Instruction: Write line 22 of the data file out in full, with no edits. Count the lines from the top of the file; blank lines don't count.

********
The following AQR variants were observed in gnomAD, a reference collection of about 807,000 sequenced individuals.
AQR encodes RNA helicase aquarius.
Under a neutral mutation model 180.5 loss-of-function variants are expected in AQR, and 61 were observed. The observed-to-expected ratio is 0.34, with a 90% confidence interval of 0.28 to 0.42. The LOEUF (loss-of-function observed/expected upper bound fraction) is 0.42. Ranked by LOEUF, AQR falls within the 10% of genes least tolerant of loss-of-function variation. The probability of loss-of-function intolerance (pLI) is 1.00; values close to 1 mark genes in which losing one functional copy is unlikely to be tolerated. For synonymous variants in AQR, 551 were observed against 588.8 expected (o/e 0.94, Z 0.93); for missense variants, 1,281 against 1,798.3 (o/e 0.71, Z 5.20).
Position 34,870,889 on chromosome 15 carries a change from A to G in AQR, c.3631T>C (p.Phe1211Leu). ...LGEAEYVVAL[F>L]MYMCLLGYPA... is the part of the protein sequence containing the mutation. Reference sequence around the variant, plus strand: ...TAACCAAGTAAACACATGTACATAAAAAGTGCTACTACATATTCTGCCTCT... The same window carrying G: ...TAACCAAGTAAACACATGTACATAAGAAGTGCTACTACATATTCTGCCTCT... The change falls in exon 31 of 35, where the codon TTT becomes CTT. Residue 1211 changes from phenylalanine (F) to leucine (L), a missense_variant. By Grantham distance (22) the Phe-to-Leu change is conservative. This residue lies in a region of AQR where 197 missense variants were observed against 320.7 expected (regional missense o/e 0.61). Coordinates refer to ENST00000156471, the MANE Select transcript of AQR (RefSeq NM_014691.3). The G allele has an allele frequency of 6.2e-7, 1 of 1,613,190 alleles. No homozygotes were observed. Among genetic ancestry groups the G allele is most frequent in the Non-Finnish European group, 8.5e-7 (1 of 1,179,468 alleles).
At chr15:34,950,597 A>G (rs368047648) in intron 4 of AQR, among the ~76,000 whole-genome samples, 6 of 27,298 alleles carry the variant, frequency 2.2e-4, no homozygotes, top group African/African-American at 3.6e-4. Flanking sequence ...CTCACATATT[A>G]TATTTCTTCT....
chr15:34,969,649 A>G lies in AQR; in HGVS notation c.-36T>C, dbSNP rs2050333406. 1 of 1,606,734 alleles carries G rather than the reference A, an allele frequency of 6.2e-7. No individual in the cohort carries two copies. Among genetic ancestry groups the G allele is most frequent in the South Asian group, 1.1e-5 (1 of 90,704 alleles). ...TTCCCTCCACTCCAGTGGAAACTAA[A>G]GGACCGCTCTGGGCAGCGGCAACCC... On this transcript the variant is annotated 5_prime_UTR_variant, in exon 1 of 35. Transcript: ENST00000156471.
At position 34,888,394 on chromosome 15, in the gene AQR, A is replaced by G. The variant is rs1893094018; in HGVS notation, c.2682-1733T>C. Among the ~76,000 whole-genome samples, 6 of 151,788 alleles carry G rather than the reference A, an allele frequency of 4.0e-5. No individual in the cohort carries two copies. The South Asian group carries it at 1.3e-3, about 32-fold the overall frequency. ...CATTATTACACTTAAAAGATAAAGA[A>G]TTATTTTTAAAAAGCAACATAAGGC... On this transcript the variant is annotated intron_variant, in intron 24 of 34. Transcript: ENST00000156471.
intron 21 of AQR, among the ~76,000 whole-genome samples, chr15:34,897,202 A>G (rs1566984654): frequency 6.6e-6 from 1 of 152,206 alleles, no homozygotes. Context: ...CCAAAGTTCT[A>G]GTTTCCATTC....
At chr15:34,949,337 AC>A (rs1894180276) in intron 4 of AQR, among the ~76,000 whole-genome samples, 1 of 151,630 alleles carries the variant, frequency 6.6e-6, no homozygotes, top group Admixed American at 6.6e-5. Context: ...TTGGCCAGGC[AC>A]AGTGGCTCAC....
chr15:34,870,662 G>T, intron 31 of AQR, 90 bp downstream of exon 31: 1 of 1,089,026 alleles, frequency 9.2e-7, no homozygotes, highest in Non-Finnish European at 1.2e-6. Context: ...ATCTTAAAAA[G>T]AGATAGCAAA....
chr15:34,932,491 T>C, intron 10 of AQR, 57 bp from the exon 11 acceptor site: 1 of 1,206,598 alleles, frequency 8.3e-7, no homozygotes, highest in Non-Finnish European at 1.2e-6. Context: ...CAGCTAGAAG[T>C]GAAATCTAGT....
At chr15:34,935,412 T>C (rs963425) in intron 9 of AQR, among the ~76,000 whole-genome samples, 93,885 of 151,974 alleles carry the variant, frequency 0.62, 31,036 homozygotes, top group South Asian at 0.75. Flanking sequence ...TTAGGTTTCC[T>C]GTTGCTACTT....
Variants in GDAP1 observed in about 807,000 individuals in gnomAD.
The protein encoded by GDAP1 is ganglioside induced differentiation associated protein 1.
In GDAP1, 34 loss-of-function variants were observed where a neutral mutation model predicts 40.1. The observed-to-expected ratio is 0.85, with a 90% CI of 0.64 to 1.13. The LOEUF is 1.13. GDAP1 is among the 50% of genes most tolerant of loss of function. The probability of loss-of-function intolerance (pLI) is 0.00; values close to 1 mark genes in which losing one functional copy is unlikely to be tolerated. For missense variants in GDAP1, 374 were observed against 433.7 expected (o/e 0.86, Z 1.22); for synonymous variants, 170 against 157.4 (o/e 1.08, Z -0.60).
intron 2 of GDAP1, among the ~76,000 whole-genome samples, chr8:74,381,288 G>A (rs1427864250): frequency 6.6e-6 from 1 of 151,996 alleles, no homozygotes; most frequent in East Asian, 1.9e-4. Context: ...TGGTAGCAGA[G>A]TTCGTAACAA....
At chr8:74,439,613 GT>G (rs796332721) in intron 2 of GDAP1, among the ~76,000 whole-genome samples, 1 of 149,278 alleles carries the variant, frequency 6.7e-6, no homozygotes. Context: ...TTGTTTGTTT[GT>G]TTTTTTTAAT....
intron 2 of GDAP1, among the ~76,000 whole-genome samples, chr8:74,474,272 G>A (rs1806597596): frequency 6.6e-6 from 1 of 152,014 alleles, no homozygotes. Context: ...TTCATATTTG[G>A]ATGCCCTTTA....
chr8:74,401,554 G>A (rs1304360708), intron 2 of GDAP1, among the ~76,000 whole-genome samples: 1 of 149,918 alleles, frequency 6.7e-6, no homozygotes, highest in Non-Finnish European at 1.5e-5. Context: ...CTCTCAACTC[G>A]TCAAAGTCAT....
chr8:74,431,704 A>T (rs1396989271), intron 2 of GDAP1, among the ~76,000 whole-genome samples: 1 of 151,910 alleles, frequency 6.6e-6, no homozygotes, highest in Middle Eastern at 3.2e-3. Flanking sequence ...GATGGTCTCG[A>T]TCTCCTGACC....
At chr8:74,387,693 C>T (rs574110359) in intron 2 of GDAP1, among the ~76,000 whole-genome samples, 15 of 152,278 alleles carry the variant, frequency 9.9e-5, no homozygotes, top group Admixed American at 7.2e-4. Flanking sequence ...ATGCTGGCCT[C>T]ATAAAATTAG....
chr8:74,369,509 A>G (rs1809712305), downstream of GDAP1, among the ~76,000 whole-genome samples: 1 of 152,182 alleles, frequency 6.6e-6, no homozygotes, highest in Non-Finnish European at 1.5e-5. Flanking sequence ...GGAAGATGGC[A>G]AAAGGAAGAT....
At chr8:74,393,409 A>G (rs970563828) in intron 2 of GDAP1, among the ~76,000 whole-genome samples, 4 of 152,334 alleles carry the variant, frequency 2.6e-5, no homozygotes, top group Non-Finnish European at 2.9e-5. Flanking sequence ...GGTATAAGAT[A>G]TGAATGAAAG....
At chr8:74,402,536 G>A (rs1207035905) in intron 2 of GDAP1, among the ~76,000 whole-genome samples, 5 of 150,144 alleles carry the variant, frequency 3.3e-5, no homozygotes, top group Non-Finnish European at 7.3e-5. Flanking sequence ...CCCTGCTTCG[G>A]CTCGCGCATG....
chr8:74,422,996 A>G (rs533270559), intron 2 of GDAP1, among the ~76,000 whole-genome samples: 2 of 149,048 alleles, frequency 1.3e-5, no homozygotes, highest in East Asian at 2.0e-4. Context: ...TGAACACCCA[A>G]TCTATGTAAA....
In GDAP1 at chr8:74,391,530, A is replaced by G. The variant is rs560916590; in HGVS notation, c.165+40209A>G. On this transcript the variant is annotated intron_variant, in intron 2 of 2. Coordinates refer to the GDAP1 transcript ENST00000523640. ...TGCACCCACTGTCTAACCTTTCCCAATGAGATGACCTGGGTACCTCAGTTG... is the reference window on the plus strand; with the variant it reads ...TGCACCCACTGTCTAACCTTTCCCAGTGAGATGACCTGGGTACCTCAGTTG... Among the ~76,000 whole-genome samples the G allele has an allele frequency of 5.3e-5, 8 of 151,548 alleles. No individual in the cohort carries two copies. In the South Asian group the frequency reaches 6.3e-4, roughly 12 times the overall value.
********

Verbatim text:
chr8:74,369,509 A>G (rs1809712305), downstream of GDAP1, among the ~76,000 whole-genome samples: 1 of 152,182 alleles, frequency 6.6e-6, no homozygotes, highest in Non-Finnish European at 1.5e-5. Flanking sequence ...GGAAGATGGC[A>G]AAAGGAAGAT....